How Walter Nyamilandu pulled it off


By Peter Kanjere:

If you asked former president of Egypt Anwar Sadat (now deceased) about some of his principles, he would tell you that a person must have a sense of proportion and an ability to seize opportunities.

It was like Sadat wrote this principle for Football Association of Malawi (Fam) president Walter Nyamilandu who is now dining at the highest table of world football.


From the very same cradle of civilisation, Nyamilandu seized his moment, stepping into the corridors of influence in world football after being voted as a Fifa Council member, beating South Africa Football Association president, Danny Jordaan, 35-18 after two rounds of voting.

It was an absolute stunner of the biblical David-versus- Goliath proportions.

Authoritative football website www.ghanasoccernet. com on October 3 2018 said the Malawian’s win had “sent African football politics’ observers scratching their heads over why the man [Jordaan] touted as one of the finest brains failed in Egypt.”


With that, the Fam president had weathered the latest storm that threatened to ruin his career back home, silenced his critics and scaled the highest heights for a Malawian football administrator.

Nyamilandu has always been at the right time and has the ambition to sniff at opportunities—right from his days as a player for Wanderers and the national team.

After retiring from playing, Nyamilandu started off his football administration career as Wanderers team manager. A few years later, he took advantage of the leadership crisis at Fam to become president.

He came just at the right time just when Fam affiliates and the entire football fraternity expected something and someone new to offer hope and direction to an association that had plunged deep into a constitutional crisis amid reports of financial mismanagement.

That was 14 years ago and now Nyamilandu has grown in stature, outsmarting his opponents at home with telling ease and found his feet on the often slippery terrain of international football.

Nyamilandu had the first-hand experience of how slippery the terrain is when he lost in his bid for a Caf Executive Committee seat, crying foul that everything seemed staged during the contest.

He must have learnt that positions in football are earned by invitation. It is a club and you only win if you are invited.

Nyamilandu’s shock victory clearly suggests that he had the backing of the highest authorities in international football.

An African football analyst, speaking on condition of anonymity, suggested that one of the reasons Nyamilandu won was because he ticked in all the boxes.

“Walter was a splendid fit in the mix -young, unaffected by the past, malleable and ready to submit to team spirit and voice. It was a choice that paid off and along with Nigeria’s Pinnick they can provide Ahmad with the regional cover he surely desires and needs in these trying times when the Caf leadership is desperately mending fences with Fifa President Gianni Infantino after the fiasco of the 2026 World Cup bid.

“While Ahmad unabashedly threw his weight behind Morocco, his charmed bride till date, Infantino had no pretence that he was backing the US bid even as he spared the thought of a risky re-election. Now Africa and Ahmad have gone full circle to back him and if you look deeply in this turn around you see the hand of Zimbabwe’s strongman and king maker [Paul Chiyangwa]. Interestingly, Walter finds a place in the heart of the Zimbabwe game changer,” he said.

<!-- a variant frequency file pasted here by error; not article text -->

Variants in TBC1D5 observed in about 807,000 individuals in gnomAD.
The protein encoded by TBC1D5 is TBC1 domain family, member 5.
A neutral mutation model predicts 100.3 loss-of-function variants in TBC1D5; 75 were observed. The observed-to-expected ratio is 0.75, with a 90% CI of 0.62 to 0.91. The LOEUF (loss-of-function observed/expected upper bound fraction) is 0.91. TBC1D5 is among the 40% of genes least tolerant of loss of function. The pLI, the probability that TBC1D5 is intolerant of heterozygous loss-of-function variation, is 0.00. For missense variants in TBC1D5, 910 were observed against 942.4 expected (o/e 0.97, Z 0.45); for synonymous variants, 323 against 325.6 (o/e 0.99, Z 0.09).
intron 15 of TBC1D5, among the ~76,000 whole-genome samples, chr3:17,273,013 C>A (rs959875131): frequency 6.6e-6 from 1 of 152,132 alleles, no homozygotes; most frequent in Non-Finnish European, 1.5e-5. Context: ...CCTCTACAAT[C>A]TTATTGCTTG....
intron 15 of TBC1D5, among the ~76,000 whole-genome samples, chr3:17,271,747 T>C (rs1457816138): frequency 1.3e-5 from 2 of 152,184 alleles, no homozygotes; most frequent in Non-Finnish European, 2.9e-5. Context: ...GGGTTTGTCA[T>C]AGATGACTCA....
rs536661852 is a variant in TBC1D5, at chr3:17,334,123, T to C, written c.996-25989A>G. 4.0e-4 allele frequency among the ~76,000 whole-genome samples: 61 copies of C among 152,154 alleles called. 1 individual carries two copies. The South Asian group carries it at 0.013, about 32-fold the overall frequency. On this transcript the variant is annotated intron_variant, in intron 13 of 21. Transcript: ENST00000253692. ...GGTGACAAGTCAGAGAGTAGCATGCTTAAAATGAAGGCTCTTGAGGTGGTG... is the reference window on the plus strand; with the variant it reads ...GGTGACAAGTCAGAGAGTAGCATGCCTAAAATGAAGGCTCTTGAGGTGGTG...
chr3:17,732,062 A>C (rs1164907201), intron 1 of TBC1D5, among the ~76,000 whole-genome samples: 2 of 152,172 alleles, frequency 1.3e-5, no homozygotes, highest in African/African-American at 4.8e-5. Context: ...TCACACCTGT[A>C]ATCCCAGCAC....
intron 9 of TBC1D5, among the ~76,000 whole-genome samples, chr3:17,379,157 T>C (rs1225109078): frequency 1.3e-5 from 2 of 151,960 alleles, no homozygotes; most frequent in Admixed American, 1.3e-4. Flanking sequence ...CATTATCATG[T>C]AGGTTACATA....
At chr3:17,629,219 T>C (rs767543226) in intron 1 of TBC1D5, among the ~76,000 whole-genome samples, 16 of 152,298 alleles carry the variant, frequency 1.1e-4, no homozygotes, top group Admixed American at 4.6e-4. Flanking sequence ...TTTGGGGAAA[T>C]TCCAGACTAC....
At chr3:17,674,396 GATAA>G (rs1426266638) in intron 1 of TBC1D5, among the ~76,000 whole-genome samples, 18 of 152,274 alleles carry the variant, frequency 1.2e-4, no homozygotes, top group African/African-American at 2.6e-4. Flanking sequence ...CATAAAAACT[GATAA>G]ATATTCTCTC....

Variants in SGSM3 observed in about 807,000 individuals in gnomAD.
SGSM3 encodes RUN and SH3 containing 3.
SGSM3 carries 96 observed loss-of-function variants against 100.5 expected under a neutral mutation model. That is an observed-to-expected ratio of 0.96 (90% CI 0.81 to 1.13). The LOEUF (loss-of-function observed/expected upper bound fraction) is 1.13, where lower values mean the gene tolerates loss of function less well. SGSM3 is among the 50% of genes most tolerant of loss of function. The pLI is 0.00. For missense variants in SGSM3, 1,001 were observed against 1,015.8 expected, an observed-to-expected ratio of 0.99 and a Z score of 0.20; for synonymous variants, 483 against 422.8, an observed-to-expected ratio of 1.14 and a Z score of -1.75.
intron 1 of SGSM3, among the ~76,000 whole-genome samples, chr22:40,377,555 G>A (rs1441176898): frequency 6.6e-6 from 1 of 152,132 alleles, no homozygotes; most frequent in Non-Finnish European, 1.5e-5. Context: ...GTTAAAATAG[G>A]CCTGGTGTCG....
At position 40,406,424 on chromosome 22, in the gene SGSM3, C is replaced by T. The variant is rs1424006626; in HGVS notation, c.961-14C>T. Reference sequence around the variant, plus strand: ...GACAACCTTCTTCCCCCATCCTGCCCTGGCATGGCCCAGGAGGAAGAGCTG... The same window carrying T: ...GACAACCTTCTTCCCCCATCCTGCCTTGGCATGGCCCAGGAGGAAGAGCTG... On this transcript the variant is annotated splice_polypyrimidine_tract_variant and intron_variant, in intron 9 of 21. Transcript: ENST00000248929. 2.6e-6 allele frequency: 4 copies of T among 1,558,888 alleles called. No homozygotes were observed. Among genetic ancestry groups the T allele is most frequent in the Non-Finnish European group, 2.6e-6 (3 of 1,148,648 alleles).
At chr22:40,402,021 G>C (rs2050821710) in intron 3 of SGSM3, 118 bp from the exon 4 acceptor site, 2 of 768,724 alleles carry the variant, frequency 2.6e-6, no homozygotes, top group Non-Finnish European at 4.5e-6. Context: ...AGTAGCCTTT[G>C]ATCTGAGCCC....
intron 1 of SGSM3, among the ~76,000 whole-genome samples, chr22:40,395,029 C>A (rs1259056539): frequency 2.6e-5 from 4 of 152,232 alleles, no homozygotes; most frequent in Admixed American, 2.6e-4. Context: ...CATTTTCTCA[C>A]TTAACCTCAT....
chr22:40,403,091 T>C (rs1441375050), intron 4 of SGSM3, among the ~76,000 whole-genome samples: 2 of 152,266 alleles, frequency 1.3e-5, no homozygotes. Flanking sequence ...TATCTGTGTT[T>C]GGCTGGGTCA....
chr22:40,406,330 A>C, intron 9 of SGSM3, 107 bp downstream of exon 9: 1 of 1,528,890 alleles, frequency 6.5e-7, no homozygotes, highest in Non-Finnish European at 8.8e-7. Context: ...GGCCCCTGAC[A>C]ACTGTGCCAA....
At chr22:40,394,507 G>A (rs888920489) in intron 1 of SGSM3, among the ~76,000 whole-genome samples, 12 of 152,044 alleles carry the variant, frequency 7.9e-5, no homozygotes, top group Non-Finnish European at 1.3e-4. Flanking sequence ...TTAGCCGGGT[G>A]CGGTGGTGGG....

The Ghanaian website cited miscalculation, lack of unity in South Africa and Cosafa, overconfidence, weak campaign team, failure to consult widely and supporting the United States and Canada at the expense of Morocco in the 2026 World Cup bid as among the chief reasons for Jordaan’s downfall.

The theory about the voting patterns for the World Cup bid seems to make sense as Nyamilandu voted for the Morocco bid and, since his election, Ahmad has been in very good books with Morocco.

That Morocco found Malawi a good partner is evident in the fact that the North Africans hosted the Flames and other national teams and also offered to construct a technical centre in Lilongwe.

It is possible that Ahmad threw his weight behind Nyamilandu and that Jordaan was viewed otherwise for having opted for the United States and Canada bid at the expense of that of fellow African country.

“No need to follow the crowd. Africa must have self-belief that we can excel and do better than the West. South Africa proved it in 2010. I cannot abandon my roots. I am an African and I will remain loyal to my country forever,” Nyamilandu tweeted on June 13 2018 ahead of the voting.

Therefore, while Nyamilandu received four votes, three behind Cosafa’s first-choice candidate Jordaan, the Malawian had done his homework across the continent beyond Anglophone countries.

“Relatively, I still have the numbers. What happened at Cosafa was about the majority decision but it does not mean that I do not have support elsewhere. I always knew that Cosafa’s vote was split. My strength is not in Cosafa but in other zones [in Africa]. There is Cecafa, Central, West A and B and the North Zone,” Nyamilandu said.

There is no doubt that Nyamilandu has completed the full circle as a player and now as an administrator of international repute. Timing is everything for this charismatic man.

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